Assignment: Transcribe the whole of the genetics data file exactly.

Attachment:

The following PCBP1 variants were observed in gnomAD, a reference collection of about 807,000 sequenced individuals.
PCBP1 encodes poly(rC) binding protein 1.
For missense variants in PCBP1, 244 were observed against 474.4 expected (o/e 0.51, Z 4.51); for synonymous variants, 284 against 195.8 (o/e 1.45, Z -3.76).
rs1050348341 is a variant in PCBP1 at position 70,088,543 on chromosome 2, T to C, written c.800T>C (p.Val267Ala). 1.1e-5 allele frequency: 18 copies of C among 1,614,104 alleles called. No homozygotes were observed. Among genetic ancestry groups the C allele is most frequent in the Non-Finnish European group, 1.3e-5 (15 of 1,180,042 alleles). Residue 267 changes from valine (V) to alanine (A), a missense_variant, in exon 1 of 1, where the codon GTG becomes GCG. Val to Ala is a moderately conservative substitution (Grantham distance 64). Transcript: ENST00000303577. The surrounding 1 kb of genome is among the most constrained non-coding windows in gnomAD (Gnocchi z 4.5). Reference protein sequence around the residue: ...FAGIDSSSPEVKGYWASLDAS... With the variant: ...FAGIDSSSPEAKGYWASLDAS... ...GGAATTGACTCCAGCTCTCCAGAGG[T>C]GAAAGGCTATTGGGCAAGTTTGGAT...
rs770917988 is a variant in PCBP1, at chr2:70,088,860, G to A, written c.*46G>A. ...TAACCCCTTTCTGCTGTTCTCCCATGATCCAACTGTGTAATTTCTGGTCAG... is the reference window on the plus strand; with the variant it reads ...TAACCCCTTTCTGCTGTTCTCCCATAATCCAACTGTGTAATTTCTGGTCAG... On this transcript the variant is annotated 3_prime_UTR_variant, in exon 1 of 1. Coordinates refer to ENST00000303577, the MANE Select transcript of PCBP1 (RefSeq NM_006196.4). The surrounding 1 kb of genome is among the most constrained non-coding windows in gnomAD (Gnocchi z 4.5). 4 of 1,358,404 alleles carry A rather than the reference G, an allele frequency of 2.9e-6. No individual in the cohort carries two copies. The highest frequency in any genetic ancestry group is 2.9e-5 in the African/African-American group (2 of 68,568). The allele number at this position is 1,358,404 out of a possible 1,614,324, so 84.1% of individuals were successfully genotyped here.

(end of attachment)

The following PCBP1 variants were observed in gnomAD, a reference collection of about 807,000 sequenced individuals.
PCBP1 encodes poly(rC) binding protein 1.
For missense variants in PCBP1, 244 were observed against 474.4 expected (o/e 0.51, Z 4.51); for synonymous variants, 284 against 195.8 (o/e 1.45, Z -3.76).
rs1050348341 is a variant in PCBP1 at position 70,088,543 on chromosome 2, T to C, written c.800T>C (p.Val267Ala). 1.1e-5 allele frequency: 18 copies of C among 1,614,104 alleles called. No homozygotes were observed. Among genetic ancestry groups the C allele is most frequent in the Non-Finnish European group, 1.3e-5 (15 of 1,180,042 alleles). Residue 267 changes from valine (V) to alanine (A), a missense_variant, in exon 1 of 1, where the codon GTG becomes GCG. Val to Ala is a moderately conservative substitution (Grantham distance 64). Transcript: ENST00000303577. The surrounding 1 kb of genome is among the most constrained non-coding windows in gnomAD (Gnocchi z 4.5). Reference protein sequence around the residue: ...FAGIDSSSPEVKGYWASLDAS... With the variant: ...FAGIDSSSPEAKGYWASLDAS... ...GGAATTGACTCCAGCTCTCCAGAGG[T>C]GAAAGGCTATTGGGCAAGTTTGGAT...
rs770917988 is a variant in PCBP1, at chr2:70,088,860, G to A, written c.*46G>A. ...TAACCCCTTTCTGCTGTTCTCCCATGATCCAACTGTGTAATTTCTGGTCAG... is the reference window on the plus strand; with the variant it reads ...TAACCCCTTTCTGCTGTTCTCCCATAATCCAACTGTGTAATTTCTGGTCAG... On this transcript the variant is annotated 3_prime_UTR_variant, in exon 1 of 1. Coordinates refer to ENST00000303577, the MANE Select transcript of PCBP1 (RefSeq NM_006196.4). The surrounding 1 kb of genome is among the most constrained non-coding windows in gnomAD (Gnocchi z 4.5). 4 of 1,358,404 alleles carry A rather than the reference G, an allele frequency of 2.9e-6. No individual in the cohort carries two copies. The highest frequency in any genetic ancestry group is 2.9e-5 in the African/African-American group (2 of 68,568). The allele number at this position is 1,358,404 out of a possible 1,614,324, so 84.1% of individuals were successfully genotyped here.